By JOHN FUND
Neil Ferguson is the British academic who created the infamous Imperial College model that warned Boris Johnson that, without an immediate lockdown, the coronavirus would cause 500,000 deaths and swamp the National Health Service.
Johnson’s government promptly abandoned its Sweden-like “social distancing” approach, and Ferguson’s model also influenced the U.S. to make lockdown moves with its shocking prediction of over two million Americans dead.
With all of his influence, it’s not surprising British media are making a great deal about Ferguson being forced to resign from the government’s virus advisory board yesterday after revelations he had violated lockdown rules he had championed in order to conduct an affair with a married woman. Ferguson admits he made an “error of judgement and took the wrong course of action.”
Ferguson’s hypocritical violation of his beloved lockdown was the least of his errors in judgment. His incompetence and insistence on doomsday models is far worse.
Indeed, Ferguson has been wrong so often that some of his fellow modelers call him “The Master of Disaster.”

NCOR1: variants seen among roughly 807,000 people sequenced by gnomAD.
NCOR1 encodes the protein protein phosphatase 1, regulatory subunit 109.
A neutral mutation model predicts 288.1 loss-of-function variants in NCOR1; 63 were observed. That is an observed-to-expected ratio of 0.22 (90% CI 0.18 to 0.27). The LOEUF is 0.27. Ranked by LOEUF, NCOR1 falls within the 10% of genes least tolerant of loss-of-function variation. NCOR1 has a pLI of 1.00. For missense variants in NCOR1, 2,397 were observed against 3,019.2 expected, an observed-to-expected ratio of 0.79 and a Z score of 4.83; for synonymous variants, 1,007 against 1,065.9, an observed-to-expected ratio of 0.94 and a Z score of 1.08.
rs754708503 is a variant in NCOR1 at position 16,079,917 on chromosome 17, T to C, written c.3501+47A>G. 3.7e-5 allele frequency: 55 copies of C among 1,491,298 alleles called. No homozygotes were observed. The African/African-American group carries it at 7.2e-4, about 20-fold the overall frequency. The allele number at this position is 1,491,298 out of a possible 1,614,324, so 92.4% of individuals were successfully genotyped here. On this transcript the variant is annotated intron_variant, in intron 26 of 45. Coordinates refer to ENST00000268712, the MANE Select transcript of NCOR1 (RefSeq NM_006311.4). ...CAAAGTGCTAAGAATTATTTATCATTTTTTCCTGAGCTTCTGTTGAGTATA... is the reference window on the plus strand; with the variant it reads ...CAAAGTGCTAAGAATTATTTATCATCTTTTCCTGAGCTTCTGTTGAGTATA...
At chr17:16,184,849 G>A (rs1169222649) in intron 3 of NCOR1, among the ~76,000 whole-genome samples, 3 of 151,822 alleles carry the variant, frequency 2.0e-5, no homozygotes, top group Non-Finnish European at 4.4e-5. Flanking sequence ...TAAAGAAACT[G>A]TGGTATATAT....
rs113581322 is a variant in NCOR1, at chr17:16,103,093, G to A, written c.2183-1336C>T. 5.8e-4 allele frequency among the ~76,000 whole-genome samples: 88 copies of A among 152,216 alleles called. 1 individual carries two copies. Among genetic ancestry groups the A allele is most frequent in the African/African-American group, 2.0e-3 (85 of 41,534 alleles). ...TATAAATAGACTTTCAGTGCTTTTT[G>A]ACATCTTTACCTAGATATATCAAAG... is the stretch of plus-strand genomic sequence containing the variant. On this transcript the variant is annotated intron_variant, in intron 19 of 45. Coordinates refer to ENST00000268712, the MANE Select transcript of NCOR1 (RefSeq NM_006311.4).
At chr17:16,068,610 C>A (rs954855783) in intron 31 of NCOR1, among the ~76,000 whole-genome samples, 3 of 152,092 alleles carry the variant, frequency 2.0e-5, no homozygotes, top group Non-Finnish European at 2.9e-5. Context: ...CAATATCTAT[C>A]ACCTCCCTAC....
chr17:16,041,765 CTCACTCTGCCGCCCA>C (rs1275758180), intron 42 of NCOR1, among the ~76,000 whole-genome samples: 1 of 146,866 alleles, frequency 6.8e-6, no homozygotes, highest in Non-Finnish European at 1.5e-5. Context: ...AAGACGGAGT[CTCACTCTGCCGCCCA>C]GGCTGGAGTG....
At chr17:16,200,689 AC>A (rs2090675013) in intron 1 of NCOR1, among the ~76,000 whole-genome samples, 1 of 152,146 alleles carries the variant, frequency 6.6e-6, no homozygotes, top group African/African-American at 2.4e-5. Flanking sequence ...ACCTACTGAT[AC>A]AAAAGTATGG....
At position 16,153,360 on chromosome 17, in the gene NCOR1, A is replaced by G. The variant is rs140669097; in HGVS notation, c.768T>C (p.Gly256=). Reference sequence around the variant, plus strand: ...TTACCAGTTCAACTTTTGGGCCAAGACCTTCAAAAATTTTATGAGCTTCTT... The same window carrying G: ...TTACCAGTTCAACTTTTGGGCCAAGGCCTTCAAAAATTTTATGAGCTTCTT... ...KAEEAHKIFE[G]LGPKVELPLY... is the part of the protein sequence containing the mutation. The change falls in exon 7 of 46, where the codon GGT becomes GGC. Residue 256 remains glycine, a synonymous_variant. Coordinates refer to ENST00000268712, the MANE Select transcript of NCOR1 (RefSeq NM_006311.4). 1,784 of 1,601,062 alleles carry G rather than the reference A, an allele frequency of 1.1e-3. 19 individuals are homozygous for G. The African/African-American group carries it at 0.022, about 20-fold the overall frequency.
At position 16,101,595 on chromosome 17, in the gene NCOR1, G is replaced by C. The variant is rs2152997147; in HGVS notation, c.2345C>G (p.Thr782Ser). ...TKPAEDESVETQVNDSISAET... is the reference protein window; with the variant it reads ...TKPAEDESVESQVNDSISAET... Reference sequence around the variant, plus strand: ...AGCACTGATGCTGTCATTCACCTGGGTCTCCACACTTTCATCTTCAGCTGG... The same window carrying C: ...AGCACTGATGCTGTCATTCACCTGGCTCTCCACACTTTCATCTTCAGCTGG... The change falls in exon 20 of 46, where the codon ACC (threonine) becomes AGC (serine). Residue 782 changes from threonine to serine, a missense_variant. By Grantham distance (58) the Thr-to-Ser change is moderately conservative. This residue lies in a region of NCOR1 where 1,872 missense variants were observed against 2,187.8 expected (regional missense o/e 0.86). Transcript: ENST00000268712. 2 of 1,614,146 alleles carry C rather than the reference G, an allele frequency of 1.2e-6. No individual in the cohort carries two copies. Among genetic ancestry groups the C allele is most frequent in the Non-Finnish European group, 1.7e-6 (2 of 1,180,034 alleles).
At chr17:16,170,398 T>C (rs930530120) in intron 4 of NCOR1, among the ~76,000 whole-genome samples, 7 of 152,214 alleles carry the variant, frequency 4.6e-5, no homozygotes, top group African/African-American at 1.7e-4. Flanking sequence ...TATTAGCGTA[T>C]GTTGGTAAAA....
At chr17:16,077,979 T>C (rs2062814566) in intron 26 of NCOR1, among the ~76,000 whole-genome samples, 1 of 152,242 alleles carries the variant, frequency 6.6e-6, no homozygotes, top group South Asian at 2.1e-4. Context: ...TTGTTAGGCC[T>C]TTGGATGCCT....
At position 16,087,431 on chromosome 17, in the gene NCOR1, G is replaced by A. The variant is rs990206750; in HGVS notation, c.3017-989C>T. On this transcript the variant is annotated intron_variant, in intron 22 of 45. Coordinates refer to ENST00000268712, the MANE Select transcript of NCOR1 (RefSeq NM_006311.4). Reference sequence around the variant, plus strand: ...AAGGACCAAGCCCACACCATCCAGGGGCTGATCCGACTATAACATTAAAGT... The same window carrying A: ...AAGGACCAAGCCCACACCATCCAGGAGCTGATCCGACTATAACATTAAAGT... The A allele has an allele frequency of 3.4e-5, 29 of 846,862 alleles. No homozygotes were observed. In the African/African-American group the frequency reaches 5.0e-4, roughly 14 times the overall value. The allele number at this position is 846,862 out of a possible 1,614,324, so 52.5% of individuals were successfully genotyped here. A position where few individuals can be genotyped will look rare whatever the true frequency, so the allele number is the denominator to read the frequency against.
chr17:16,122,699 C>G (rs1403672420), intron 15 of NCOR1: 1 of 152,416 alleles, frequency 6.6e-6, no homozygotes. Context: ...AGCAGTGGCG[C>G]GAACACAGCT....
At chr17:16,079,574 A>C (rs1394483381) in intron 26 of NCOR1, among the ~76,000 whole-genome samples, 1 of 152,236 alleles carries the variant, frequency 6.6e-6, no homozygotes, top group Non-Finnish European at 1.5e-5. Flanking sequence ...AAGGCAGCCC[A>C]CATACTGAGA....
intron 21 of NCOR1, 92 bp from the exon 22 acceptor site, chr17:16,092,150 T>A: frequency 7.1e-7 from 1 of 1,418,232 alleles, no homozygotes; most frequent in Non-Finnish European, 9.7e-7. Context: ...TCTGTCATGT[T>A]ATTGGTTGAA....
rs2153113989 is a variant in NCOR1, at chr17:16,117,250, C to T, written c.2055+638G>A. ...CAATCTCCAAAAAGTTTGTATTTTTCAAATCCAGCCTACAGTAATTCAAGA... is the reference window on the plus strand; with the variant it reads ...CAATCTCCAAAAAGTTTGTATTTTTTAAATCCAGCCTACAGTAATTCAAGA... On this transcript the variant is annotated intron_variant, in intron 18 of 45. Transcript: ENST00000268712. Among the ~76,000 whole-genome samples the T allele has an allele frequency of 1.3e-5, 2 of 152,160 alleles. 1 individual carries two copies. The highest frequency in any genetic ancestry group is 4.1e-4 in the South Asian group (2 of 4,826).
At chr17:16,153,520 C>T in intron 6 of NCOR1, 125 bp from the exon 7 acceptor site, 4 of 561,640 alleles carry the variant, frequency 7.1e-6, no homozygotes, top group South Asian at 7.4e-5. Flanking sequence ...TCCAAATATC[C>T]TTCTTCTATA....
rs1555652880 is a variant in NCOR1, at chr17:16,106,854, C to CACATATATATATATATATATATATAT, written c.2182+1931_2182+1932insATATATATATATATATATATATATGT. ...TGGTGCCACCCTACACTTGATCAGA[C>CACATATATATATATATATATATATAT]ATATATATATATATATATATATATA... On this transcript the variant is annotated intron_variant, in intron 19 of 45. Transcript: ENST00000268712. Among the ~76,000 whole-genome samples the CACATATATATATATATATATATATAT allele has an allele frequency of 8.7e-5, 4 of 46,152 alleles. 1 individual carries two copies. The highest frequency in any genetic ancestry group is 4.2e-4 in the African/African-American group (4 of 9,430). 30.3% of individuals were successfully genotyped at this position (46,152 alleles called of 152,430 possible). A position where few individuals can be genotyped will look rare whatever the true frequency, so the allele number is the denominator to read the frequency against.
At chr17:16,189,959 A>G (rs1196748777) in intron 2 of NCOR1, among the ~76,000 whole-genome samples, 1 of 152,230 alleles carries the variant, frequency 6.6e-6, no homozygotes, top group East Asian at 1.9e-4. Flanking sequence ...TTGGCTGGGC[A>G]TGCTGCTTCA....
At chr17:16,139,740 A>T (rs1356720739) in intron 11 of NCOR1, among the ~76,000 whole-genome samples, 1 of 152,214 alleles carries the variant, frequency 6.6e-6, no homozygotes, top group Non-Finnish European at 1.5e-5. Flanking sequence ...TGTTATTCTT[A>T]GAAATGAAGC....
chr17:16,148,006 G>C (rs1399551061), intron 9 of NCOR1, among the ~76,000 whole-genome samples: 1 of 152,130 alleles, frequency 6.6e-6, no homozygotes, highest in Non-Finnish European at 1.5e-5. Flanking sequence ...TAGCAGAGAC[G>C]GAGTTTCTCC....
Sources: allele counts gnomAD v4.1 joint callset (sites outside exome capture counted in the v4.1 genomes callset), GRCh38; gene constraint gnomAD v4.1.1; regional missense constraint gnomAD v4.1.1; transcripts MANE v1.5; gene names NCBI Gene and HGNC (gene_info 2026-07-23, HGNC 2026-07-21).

Ferguson was behind the disputed research that sparked the mass culling of eleven million sheep and cattle during the 2001 outbreak of foot-and-mouth disease. Charlotte Reid, a farmer’s neighbor, recalls: “I remember that appalling time. Sheep were left starving in fields near us. Then came the open air slaughter. The poor animals were panic stricken. It was one of the worst things I’ve witnessed. And all based on a model — if’s but’s and maybe’s.”
In 2009, a government estimate, based on Ferguson’s advice, said a “reasonable worst-case scenario” was that the swine flu would lead to 65,000 British deaths. In the end, swine flu killed 457 people in the U.K.
Last March, Ferguson admitted that his Imperial College model of the COVID-19 disease was based on undocumented, 13-year-old computer code that was intended to be used for a feared influenza pandemic, rather than a coronavirus. Ferguson declined to release his original code so other scientists could check his results. He only released a heavily revised set of code last week, after a six-week delay.
So the real scandal is: Why did anyone ever listen to this guy?